In Christmas week my home town of Princeton, N.J., turns into a setting for a fairytale. The gargoyles on the university chapel are dusted with snow. The turrets on the Gothic towers rise against a piercingly blue sky. The pine and fir trees in town show off their lights and glittering ornaments; doors are hung with wreaths and garlands. Stores are perfumed with a heady mixture of cloves and cinnamon. From the loudspeakers we hear yet another version of "Have Yourself a Merry Little Christmas." The whole town is transformed into a fantasy that could be rendered by Norman Rockwell.
Of course. By who else? Norman Rockwell painted Christmas scenes that are deeply embedded our collective subconscious. A rosy-cheeked Santa in his sleigh, stockings hung over the fireplace. A benign elderly couple opening the front door to greet their grandchildren, their arms overflowing with Christmas presents.
We know this is pure nostalgia for an imagined past that never really existed. But where does this longing for a picture-perfect life full of uncomplicated happiness come from? It most certainly did it not come from Rockwell's past, which was miserable. As we know from Deborah Solomon's new biography, Rockwell grew up in an environment that had nothing to do with the world he so nostalgically painted later. He spent an unhappy childhood in cramped apartments in New York. His parents neglected him. He was a withdrawn child -- not a good student, not athletic, and not social.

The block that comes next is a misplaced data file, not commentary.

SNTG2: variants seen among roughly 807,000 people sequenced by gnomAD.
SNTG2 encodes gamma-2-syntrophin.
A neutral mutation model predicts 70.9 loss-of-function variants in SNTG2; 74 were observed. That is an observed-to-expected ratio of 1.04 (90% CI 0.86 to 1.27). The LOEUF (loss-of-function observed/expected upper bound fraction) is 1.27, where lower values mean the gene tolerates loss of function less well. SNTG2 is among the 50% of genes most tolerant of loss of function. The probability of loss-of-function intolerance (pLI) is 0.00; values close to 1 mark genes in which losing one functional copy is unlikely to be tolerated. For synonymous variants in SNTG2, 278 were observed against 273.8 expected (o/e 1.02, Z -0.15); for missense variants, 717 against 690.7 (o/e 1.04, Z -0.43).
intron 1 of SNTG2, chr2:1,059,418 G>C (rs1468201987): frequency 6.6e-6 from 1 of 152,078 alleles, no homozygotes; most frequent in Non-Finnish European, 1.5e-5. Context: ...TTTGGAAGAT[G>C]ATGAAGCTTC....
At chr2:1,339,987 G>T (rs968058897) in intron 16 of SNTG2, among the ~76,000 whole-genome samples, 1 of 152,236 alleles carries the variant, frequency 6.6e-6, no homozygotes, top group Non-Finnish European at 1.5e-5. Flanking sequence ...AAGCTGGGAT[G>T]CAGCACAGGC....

Yet it was Rockwell who, more than anyone, depicted America's difficult crises of depression, war, and recovery during the 1940s and 1950s as an idyllic, romantic period. That had everything to do with his discerning eye for the small, the ordinary -- not the heroic. Shy children in a simple classroom, a father bringing home his daily loaf of bread. A doctor attentively examining his patient. The paintings speak of compassion and care -- reassuring values at times of disorienting change. No wonder Rockwell became the most popular artist in America.
But when the country finally did recover, and the 1960s arrived, Rockwell lost his appeal. He sentimental illustrations were not considered art. But, today, in a time of rising economic disparity, the old-fashioned values are making a comeback. And so is Norman Rockwell.
Saying Grace is a Saturday Evening Post cover from 1951. It is one of Rockwell's best-known works. We see an elderly woman and a boy about 6 years old sitting in a cafe, where they bow their heads in prayer. Two young men, cigarettes in their mouths, look on, as well as an unshaven man in his forties. Everyone in the cafe is quiet. Here, gratitude and respect are depicted in an iconic way. It sold recently for a record sum of $46 million.
Rockwell himself believed that a painting is more than just color and shape. "It starts and ends with a story," he once said. Steven Spielberg and George Lucas are ardent collectors of his work. That's not surprising. They are storytellers, too, and they see in him a kindred spirit. They, too, tell stories about a past we wish we'd had.
According to a recent poll, more than half of Americans celebrate Christmas in a nonreligious way. The emotions about the birth of the child Jesus in a stable, lying between the ox and the donkey, surrounded by shepherds in the field , don't mean much to many of us. But the Rockwellian desire to feel those primal feelings about Christmas are well alive. The happiness that comes with being with family, loved ones, and friends. The cathartic effect of forgiveness. The comfort for pain and sorrow. This is what we all want, a life full of love and warmth. And once a year, with candles, holly, and good will, we come close to that.
Have Yourself a Merry Little Christmas.
Level up. Read THIS and be the most interesting person at your dinner party. Learn more